Don Costa was an American record producer and music arranger, known for his collaborations with Steve Lawrence and Eydie Gorme, Lloyd Price, George Hamilton IV, Paul Anka, Sarah Vaughan, Barbara Streisand, Tony Bennett and most notably, Frank Sinatra. Costa became Sinatra’s arranger when the latter invited him to work on one of his albums, Sinatra and Strings which became and still remains one of the most critically lauded Sinatra albums during the 60s music era. He also arranged the music for one of the most popular and enduring Sinatra songs, “My Way,” which is now an enduring oldies music classic. Costa’s own recordings, most notably “Never On Sunday” (theme music of the popular Greek film of the same title) and “The Theme from The Unforgiven” became big hits in 1960. Costa also formed and headed his own company DCP International, which helped in reviving the career of the 1950s doo-wop vocal group Little Anthony and the Imperials. Costa still actively worked in the music industry until heart attack claimed his life in 1983. He was 57 years old.
Primarily known as an arranger, orchestra leader and conductor, Don Acosta (real name: Dominick P. Costa) was born on June 10, 1925 in Boston, Massachusetts to an Italian-American family. In his childhood days, he developed an aptitude and interest in learning the guitar. During his teens Costa became a member of the CBS Radio Orchestra. He relocated to New York City where he worked as a studio musician and at the same time, struggled to become an established arranger. On Vaugh Monroe’s hit record “Ghost Riders in the Sky,” he played guitar along with jazz guitarist and banjoist Bucky Pizzarelli. That was the time he started to experiment combinations of instruments and producing musical arrangements in several big bands.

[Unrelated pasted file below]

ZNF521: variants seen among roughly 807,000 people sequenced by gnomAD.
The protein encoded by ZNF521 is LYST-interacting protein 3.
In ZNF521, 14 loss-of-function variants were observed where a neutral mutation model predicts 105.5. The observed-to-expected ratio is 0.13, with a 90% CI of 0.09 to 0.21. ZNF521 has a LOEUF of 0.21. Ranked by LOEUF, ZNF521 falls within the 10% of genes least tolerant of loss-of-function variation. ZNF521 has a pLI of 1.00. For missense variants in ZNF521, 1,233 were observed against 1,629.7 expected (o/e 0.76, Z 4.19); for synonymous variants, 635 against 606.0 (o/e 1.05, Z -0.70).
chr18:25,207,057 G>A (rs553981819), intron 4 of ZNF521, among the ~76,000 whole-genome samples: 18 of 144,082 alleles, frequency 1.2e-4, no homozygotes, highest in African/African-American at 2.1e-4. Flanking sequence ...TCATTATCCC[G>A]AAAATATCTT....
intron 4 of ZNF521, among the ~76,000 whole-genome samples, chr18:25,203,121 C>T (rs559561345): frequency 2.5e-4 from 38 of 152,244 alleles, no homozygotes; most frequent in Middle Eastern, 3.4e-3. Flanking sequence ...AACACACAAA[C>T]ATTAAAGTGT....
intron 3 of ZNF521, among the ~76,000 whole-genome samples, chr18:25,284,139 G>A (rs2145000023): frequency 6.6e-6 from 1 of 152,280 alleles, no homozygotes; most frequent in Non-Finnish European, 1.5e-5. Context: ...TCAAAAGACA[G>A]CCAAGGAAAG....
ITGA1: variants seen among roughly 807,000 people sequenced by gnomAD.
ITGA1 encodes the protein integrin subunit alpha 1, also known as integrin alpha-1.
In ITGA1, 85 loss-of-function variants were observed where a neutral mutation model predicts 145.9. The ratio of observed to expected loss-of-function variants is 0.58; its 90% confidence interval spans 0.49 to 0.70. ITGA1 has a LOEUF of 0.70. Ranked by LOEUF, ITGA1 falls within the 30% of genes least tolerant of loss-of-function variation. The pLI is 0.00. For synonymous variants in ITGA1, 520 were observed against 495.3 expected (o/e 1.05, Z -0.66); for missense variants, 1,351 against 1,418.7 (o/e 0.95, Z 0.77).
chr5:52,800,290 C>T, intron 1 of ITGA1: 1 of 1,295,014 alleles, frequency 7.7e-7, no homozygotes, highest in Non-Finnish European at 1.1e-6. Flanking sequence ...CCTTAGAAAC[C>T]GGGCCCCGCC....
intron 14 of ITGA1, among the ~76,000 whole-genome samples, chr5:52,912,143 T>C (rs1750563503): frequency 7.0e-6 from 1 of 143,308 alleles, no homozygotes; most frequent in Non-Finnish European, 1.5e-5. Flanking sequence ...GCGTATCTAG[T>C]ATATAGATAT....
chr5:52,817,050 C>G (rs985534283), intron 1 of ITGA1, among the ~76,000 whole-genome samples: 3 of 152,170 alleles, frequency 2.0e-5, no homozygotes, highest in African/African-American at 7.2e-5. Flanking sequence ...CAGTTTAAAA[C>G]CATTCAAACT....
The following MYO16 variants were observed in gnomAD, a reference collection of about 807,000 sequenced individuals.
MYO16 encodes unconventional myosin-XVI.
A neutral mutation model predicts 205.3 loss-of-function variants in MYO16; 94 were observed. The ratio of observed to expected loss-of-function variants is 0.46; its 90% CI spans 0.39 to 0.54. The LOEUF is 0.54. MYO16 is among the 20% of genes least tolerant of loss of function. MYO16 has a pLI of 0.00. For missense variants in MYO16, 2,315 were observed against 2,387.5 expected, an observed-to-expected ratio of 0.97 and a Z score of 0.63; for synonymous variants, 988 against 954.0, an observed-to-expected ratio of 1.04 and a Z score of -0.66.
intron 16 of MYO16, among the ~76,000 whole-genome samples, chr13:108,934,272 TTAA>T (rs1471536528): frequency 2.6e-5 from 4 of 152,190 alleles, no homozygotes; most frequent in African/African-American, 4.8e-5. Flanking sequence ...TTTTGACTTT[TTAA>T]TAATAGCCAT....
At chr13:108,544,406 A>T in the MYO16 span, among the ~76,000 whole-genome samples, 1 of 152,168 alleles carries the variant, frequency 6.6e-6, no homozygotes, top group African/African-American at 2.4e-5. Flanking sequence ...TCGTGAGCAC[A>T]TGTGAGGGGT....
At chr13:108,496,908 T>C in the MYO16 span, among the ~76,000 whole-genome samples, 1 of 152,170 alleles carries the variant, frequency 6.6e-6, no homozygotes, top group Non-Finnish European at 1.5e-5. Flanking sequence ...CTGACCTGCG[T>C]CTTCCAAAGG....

Things started to click when Costa was invited by singers Steve Lawrence and Eydie Gorme to write some vocal backgrounds for their upcoming recordings. He took the offer which led him to join the ABC Paramount Records where he became the label’s lead A&R man and chief arranger and producer. Aside from the hits from Lawrence and Gorme, he had some of his biggest successes with hits by Paul Anka, Lloyd Price and George Hamilon IV to name a few. Since Costa was also a great guitarist, he issued a couple of 45s on ABC Paramount under the alias Guitar ‘Muvva’ Hubbard. It included a good version of Bill Justis’ big hit “Raunchy” and the first R&B-styled “Ponytail” which was a self-penned track. He was voted in the weekly defunct magazine Cash Box as the most popular recording arranger and conductor by that time.
Along with Lawrence and Gorme, Costa left ABC-Paramount and switched to the United Artists label in 1951 where he released his own instrumental albums under his own name. He released three singles from the United Artists that entered the Billboard charts; “I Walk the Line” (#59, 1959), “Theme from the Unforgiven” (#27, 1960) and “Never on Sunday” (#19, 1960). “Never on Sunday” sold over one million copies and was gained a gold disc status. In 1960, the track also entered the UK chart at #27.
Costa moved to Hollywood in the early 1960’s and built his own production company named Don Costa Productions. There, he had his own talents including Trini Lopez (“If I Had A Hammer”) and Little Anthony and the Imperials. Subsequently, Costa was hired by Frank Sinatra for his own recording label (Reprise Records) to arrange one of his albums, Sinatra and Strings which was issued in 1962. Among the standout tracks on Sinatra and Strings are “All or Nothing at All,” “Stardust,” “Night and Day” and “Come Rain or Come Shine.” He also became Sinatra’s main arranger and conductor and later, producer. During this period, Sinatra scored one of his breakthrough hits, the Anka-penned “My Way.”
In 1963 Costa arranged Sarah Vaughan’s album Snowbound and also for Tony Bennett’s album If I Ruled the World: Songs for the Jet Set in 1965.
By the end of the 1960’s, Costa was working with MGM Records along with Mike Curb producing and arranging material of the Osmond Brothers, Sammy Davis (“The Candy Man”) and Petula Clark (“My Guy”).
Costa released another hit with his 10-year old daughter Nikka, “Out Here On My Own” during the early 1980s. The father-and-daughter tandem was having plans to release another record when Costa was claimed by a heart attack in New York City on January 19, 1983. He was 57 years old.